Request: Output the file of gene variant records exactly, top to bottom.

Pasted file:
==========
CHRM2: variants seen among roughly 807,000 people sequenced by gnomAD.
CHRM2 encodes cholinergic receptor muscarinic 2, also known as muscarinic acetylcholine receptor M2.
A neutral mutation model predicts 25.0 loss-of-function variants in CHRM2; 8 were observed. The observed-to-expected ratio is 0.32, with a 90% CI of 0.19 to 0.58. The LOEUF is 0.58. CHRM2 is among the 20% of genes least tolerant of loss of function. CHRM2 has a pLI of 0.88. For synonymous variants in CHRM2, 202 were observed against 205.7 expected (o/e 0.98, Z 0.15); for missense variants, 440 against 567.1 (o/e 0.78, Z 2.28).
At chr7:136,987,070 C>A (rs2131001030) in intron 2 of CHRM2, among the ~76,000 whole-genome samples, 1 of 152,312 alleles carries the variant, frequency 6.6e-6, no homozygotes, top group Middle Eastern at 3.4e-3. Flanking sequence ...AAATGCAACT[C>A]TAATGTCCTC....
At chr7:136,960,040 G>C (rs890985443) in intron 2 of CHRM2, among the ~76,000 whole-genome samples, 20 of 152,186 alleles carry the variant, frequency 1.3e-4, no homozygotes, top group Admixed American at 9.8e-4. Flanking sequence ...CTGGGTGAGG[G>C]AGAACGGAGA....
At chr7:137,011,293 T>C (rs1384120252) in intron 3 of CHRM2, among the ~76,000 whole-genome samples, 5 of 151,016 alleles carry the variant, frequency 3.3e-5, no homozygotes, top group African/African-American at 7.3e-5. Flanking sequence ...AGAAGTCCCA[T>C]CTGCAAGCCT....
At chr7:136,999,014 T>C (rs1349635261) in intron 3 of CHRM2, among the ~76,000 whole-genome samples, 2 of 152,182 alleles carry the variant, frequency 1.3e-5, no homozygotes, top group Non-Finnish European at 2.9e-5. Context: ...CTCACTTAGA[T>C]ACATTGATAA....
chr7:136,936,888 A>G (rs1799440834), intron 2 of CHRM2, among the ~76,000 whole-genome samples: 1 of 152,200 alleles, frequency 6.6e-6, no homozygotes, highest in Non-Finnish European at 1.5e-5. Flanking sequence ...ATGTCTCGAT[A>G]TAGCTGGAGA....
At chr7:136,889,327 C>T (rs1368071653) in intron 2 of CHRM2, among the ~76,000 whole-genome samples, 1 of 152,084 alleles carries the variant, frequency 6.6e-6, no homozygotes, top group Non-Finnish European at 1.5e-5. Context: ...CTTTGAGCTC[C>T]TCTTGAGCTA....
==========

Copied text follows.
CHRM2: variants seen among roughly 807,000 people sequenced by gnomAD.
CHRM2 encodes cholinergic receptor muscarinic 2, also known as muscarinic acetylcholine receptor M2.
A neutral mutation model predicts 25.0 loss-of-function variants in CHRM2; 8 were observed. The observed-to-expected ratio is 0.32, with a 90% CI of 0.19 to 0.58. The LOEUF is 0.58. CHRM2 is among the 20% of genes least tolerant of loss of function. CHRM2 has a pLI of 0.88. For synonymous variants in CHRM2, 202 were observed against 205.7 expected (o/e 0.98, Z 0.15); for missense variants, 440 against 567.1 (o/e 0.78, Z 2.28).
At chr7:136,987,070 C>A (rs2131001030) in intron 2 of CHRM2, among the ~76,000 whole-genome samples, 1 of 152,312 alleles carries the variant, frequency 6.6e-6, no homozygotes, top group Middle Eastern at 3.4e-3. Flanking sequence ...AAATGCAACT[C>A]TAATGTCCTC....
At chr7:136,960,040 G>C (rs890985443) in intron 2 of CHRM2, among the ~76,000 whole-genome samples, 20 of 152,186 alleles carry the variant, frequency 1.3e-4, no homozygotes, top group Admixed American at 9.8e-4. Flanking sequence ...CTGGGTGAGG[G>C]AGAACGGAGA....
At chr7:137,011,293 T>C (rs1384120252) in intron 3 of CHRM2, among the ~76,000 whole-genome samples, 5 of 151,016 alleles carry the variant, frequency 3.3e-5, no homozygotes, top group African/African-American at 7.3e-5. Flanking sequence ...AGAAGTCCCA[T>C]CTGCAAGCCT....
At chr7:136,999,014 T>C (rs1349635261) in intron 3 of CHRM2, among the ~76,000 whole-genome samples, 2 of 152,182 alleles carry the variant, frequency 1.3e-5, no homozygotes, top group Non-Finnish European at 2.9e-5. Context: ...CTCACTTAGA[T>C]ACATTGATAA....
chr7:136,936,888 A>G (rs1799440834), intron 2 of CHRM2, among the ~76,000 whole-genome samples: 1 of 152,200 alleles, frequency 6.6e-6, no homozygotes, highest in Non-Finnish European at 1.5e-5. Flanking sequence ...ATGTCTCGAT[A>G]TAGCTGGAGA....
At chr7:136,889,327 C>T (rs1368071653) in intron 2 of CHRM2, among the ~76,000 whole-genome samples, 1 of 152,084 alleles carries the variant, frequency 6.6e-6, no homozygotes, top group Non-Finnish European at 1.5e-5. Context: ...CTTTGAGCTC[C>T]TCTTGAGCTA....